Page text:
‘Love and Information’ Overload at the Opening Night of San Francisco’s New Strand Theater

In today’s hyper-connected digital world — San Francisco definitely its capital — texting, selfies, TMI and people-watching are in themselves a new form of performance art. Thus, it was ingenious of the American Conservatory Theater (ACT) to stage the West Coast premiere of a play that embodied all of that as the inaugural production at their recently-rebuilt Strand Theater.
Love and Information, a play by noted British playwright Caryl Churchill, is 100 minutes of quick vignettes exploring different types of relationships and ways of communicating. Delaying and relaying information, lacking or forgetting information and getting too much information are recurring themes. Sex is even whittled down as the interchange of information (genes). Twelve actors make up the ensemble cast, several of which play more than one role throughout the performance. It’s like scrolling through your Twitter timeline, your Facebook News Feed, your Snapchat stories or just turning on Periscope or the short-lived Chatroulette and watching a live-stream of different lives unfold in real-time.

The 57 vignettes come at you almost at once — and before you can process and dissect each individual segment for some kind of meaning. Most of the vignettes have an obvious correlation to the overall theme of love in the digital age, some are trickier to decipher but pay off at the end, while others seem pointless. And we think that’s kind of the point. Actor Mia Tagano (pictured below) provided the most dynamic portrayals — both touching and hilarious — even when she was onstage for mere seconds.

The opening night of Love and Information on Wednesday, June 17 also served as the grand re-opening of the Strand Theater. “There are ghosts in these walls,” said ACT artistic director Carey Perloff, briefly welcoming the audience. The Strand has gone from vaudeville venue to porn-showing palace to dilapidated building to glitzy, $30 million performance center tucked between the Tenderloin vagabonds and the Twitter workhorses. We couldn’t think of a better place to see a play about chaotic love and limitless information.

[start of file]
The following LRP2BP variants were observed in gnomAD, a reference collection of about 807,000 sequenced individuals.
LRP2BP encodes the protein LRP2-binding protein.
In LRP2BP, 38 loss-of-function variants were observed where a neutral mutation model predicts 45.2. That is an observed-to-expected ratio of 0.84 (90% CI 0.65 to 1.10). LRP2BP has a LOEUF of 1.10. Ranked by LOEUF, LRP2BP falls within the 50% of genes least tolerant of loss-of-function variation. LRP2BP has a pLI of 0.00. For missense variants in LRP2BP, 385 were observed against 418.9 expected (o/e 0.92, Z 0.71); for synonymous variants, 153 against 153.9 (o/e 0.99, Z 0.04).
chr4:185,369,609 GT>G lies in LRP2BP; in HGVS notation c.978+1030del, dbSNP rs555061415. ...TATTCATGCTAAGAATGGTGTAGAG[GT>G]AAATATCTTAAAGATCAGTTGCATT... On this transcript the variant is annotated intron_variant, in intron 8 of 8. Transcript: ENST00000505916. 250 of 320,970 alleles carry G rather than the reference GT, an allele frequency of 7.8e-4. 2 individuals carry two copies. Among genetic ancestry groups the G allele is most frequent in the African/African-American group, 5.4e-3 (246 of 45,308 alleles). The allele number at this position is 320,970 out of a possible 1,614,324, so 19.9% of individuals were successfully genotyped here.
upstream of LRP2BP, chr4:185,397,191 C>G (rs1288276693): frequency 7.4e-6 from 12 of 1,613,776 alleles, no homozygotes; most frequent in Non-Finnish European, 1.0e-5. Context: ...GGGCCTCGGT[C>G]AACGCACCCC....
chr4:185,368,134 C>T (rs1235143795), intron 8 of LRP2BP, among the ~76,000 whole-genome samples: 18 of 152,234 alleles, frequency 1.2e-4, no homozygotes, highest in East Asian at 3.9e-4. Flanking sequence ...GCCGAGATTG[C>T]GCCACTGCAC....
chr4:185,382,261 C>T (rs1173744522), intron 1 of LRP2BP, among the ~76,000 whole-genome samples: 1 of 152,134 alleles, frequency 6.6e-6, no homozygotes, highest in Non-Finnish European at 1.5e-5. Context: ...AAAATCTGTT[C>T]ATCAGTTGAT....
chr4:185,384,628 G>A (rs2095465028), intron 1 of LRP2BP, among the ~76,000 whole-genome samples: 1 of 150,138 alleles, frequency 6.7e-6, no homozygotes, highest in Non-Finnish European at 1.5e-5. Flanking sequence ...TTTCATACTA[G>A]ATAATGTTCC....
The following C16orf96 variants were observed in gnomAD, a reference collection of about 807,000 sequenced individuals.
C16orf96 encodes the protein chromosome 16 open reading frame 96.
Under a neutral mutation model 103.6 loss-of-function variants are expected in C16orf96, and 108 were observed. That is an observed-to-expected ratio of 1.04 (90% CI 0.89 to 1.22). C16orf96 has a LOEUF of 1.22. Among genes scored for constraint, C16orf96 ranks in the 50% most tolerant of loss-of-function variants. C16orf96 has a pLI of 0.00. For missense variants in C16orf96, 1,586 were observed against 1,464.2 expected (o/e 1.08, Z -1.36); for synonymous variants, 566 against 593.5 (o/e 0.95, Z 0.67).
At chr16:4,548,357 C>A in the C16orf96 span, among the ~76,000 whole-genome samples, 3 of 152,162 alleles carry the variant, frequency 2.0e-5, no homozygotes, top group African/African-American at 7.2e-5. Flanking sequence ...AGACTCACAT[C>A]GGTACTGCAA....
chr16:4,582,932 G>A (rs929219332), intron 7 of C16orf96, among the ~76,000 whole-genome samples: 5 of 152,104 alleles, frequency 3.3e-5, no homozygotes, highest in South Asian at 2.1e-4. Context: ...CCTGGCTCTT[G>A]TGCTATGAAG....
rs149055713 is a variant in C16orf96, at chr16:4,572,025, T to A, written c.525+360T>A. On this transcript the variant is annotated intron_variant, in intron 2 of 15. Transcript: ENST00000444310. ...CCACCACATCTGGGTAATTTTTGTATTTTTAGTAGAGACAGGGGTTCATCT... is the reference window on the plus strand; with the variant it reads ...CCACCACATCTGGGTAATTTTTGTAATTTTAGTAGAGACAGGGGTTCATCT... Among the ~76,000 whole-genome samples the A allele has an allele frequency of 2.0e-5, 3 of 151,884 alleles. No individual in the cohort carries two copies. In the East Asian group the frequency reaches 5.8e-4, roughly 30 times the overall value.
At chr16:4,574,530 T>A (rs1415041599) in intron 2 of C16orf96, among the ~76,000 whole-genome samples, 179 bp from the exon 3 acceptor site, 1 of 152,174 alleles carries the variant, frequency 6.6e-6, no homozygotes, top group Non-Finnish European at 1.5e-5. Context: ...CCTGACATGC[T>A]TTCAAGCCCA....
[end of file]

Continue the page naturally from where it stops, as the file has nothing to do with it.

The new Strand Theater was also built to host cutting-edge performances, with giant projection screens, a state-of-the-art sound system and other multimedia bells and whistles to sustain the audience’s attention from the moment they step into the lobby. And this production of Love and Information, directed by Casey Stangl, made sure to rely on all of that. Actors would often interact with filmed segments projected on a giant screen behind them, making Love and Information less like a traditional stage reading and more of an interactive movie.

In order for these multimedia scenes to be performed seamlessly as live theater, however, the actors and backstage tech crew had to be super precise in following their cues and hitting their marks. Whereas actors in traditional stage productions have the privilege to marinate with their character’s lines and actions, Love and Information required the cast to perform a highly-orchestrated, pre-programmed scene with exact precision. But it all had to come off completely organic, too.

If you are planning on seeing the play, consider arriving early. The lobby is where the show starts, with texts playing on a giant screen, a cacophony of sounds coming from who-knows-where and people-watching taken to the next level. Pay attention for once.

Love and Information is playing at the Strand Theater through August 9. Buy tickets here.

Photos: Kevin Berne

Oscar Raymundo
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